For some, it is fame, fortune, happiness, a rewarding career, or if your path is similar to mine, a deeper relationship with Christ. Whatever it is, I would argue that above all else, we are searching for love. Once we receive the fame, fortune, happiness, or a rewarding career, then what else? We begin to seek someone with whom we can share our lives with. We want someone who accepts and approves of the life that we have built or are building for ourselves. With that knowledge in mind, consider the following:

Imagine my hypothetical relationship as it unfolds: I become more and more critical of my significant other. By my actions and by my words, I tell him that I don’t like the way he dresses, I don’t like who he hangs out with, I don’t like his family members, I don’t like the way he thinks, I don’t like the career he has chosen, I don’t like the way he cooks, I don’t like the fact that his spiritual life is not on the same level as mine. Would my relationship go very far? Am I fostering an environment for intimacy? Am I displaying Christ?

If I constantly did that to my significant other, I am killing the very core of who he is. I have taken it upon myself to change who he is by demanding that he become more like me. When the problem is not him, it’s me. The scripture tells us candidly that we are made in the image of God. We are not made in the image of one another. I cannot tell someone to change (this is not for abusive relationships. If someone is being abusive, they will have to change to stay in a relationship with you or they will have to move on without you). Giving more of yourself does not eradicate the abuse, tolerance worsens the abuse. I cannot demand, manipulate or control someone to change because abuse is a heart problem, and Christ is the only one with the ability to transform hearts.

So, in the process of lording over someone, I’ve damaged the one person who I’ve claimed to love. Why, when I chose him? I have a choice in the matter. You have a choice in the matter.
Here are my five suggestions for ways to be more accepting:

1. Stop criticizing

Constant criticism coming from someone who claims to love you becomes emotionally draining over time. There is one thing to offer constructive criticism but another to just be criticizing for the sake of criticizing. If someone is making an effort to learn, don’t criticize his or her efforts. If anything, praise them. In your praise, they will be willing go above and beyond for you.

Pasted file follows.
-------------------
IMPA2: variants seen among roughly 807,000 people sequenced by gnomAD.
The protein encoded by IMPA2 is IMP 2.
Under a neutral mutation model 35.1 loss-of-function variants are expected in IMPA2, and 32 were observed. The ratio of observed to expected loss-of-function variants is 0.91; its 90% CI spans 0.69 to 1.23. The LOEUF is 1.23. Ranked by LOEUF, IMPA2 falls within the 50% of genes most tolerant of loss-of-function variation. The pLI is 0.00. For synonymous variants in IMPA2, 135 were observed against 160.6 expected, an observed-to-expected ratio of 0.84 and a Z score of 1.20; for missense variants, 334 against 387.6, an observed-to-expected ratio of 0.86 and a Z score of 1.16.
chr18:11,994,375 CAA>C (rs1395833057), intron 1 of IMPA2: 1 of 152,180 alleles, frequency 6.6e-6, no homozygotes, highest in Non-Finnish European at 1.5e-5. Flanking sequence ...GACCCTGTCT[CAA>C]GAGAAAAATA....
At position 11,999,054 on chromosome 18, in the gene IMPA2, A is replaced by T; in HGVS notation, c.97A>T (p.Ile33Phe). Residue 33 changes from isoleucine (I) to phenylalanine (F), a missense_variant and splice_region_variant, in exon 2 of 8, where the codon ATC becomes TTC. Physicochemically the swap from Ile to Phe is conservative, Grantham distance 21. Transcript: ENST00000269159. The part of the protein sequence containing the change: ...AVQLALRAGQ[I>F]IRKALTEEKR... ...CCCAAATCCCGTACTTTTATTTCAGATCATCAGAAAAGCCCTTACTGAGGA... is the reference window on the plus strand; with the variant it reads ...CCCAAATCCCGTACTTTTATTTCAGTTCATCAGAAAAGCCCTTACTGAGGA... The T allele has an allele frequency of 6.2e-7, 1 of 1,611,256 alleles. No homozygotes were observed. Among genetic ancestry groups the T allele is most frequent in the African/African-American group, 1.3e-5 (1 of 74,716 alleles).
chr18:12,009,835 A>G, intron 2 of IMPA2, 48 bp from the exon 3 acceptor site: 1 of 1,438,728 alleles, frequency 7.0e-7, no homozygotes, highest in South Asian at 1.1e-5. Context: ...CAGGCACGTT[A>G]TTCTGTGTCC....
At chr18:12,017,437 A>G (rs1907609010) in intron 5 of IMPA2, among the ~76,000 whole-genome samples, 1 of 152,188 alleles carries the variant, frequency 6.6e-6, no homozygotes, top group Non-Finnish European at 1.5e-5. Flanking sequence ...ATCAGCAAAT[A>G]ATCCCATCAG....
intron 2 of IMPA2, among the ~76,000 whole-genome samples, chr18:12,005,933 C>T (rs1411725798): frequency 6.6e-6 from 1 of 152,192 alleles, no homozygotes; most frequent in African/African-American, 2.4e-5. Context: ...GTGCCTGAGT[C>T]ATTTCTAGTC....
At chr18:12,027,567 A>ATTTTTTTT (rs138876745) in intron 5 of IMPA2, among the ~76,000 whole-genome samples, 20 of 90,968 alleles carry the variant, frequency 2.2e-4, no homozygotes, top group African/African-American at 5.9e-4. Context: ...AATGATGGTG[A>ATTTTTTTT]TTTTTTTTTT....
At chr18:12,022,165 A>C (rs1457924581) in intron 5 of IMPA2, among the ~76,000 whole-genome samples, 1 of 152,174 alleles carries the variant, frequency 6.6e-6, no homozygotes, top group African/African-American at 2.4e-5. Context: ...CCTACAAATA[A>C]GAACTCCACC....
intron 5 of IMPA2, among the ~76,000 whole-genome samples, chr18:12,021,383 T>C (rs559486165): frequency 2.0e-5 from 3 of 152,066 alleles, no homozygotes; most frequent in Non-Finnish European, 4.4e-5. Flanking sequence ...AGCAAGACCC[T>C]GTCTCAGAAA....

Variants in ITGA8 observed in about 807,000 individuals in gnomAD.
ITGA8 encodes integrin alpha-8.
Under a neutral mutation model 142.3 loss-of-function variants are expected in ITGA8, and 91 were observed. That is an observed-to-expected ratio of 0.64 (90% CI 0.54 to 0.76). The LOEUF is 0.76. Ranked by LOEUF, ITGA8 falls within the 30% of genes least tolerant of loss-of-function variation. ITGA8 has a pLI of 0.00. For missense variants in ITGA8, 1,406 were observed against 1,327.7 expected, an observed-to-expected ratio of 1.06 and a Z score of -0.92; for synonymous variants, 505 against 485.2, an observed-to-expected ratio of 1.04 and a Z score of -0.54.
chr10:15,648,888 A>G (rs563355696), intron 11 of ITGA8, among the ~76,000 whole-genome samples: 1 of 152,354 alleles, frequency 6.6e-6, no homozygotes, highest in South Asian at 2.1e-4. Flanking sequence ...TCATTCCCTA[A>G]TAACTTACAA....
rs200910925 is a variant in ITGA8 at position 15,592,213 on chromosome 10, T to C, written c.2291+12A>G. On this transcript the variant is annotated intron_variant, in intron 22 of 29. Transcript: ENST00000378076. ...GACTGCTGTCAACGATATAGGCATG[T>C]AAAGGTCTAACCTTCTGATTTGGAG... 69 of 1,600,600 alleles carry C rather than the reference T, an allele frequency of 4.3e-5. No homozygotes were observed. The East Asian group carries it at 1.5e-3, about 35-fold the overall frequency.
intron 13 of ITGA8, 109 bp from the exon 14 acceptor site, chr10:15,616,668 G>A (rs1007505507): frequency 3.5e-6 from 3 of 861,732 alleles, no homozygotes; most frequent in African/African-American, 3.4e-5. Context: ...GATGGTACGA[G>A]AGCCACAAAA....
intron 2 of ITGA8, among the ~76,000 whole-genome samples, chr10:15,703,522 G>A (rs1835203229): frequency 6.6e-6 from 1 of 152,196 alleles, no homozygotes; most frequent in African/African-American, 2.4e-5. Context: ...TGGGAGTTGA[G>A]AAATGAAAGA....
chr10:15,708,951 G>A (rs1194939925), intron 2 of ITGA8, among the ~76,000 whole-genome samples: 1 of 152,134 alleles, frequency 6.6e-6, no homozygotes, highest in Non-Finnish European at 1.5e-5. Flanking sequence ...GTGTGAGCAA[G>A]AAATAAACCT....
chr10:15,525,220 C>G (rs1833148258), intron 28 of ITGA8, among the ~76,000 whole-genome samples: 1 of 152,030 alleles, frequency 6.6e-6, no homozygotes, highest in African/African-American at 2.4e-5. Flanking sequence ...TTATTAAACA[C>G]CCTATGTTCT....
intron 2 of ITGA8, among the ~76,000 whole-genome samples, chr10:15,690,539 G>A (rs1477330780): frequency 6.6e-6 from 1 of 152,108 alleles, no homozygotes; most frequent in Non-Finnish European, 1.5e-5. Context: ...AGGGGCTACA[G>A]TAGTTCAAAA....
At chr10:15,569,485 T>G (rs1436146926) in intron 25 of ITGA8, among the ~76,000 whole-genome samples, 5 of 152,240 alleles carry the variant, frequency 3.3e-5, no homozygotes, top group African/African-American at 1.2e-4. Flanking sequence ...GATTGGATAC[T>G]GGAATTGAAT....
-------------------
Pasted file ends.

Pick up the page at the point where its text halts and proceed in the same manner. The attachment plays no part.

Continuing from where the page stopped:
2. Stop judging

Judging is damaging. I’ll say it again, judging someone is damaging. Judging someone for who they are and the choices that they’ve made is detrimental to the relationship. Why destroy something that you are trying to build by judging another person, unless you know, of course, that you won’t be sticking around to heal their emotional wounds.

3. Allow growth

Acceptance/growing together is a process because it does not happen overnight. I once had an acquaintance tell me that his mom and dad could read each other thoughts. He was expecting/demanding that in his present relationship. Slow your role; couples do no wake up and start reading each other’s minds. That requires time, effort and vulnerability—none of which he was giving in his relationship.

4. Be realistic

Everything in life is a choice, choose wisely. The more you are able to understand someone for who they were in the past and who they are in the present; you’ll be able to learn and to understand their behaviors and attitudes. Time is your friend. Be patient, be gentle and most of all take your time.

5. Be open

Communication is the glue that keeps couples together. Intimacy is formed by communication. Being verbally demanding, manipulative or controlling stifles all forms of security. Do not get in a relationship if you are going to use your words, on your spouse, as a punching bag. Do not get into a relationship where the person treats people poorly but worships the ground you walk on. Everyone, from the janitor to the president, deserves respect and to be treated kindly.

Acceptance forms the foundation for love, for without it, all relationships will fail. Christ accepts and loves us just as we are. Then he begins to shape and mold us into his image after we begin to see the beauty of giving our lives to him. Do the same for your significant other. Allow them to fly and to grow into who God called them to be before you start berating and belittling them for who they can never be. Luckily, we can change by making a choice. It just depends on the path chosen. if you are searching to find love: look within. If you’re already in a relationship, instead of criticizing and condemning the person you chose to be in a relationship with why not take the time to grow together?

Always remember that no matter what, you are more than enough not because of who you are but because of whose you are.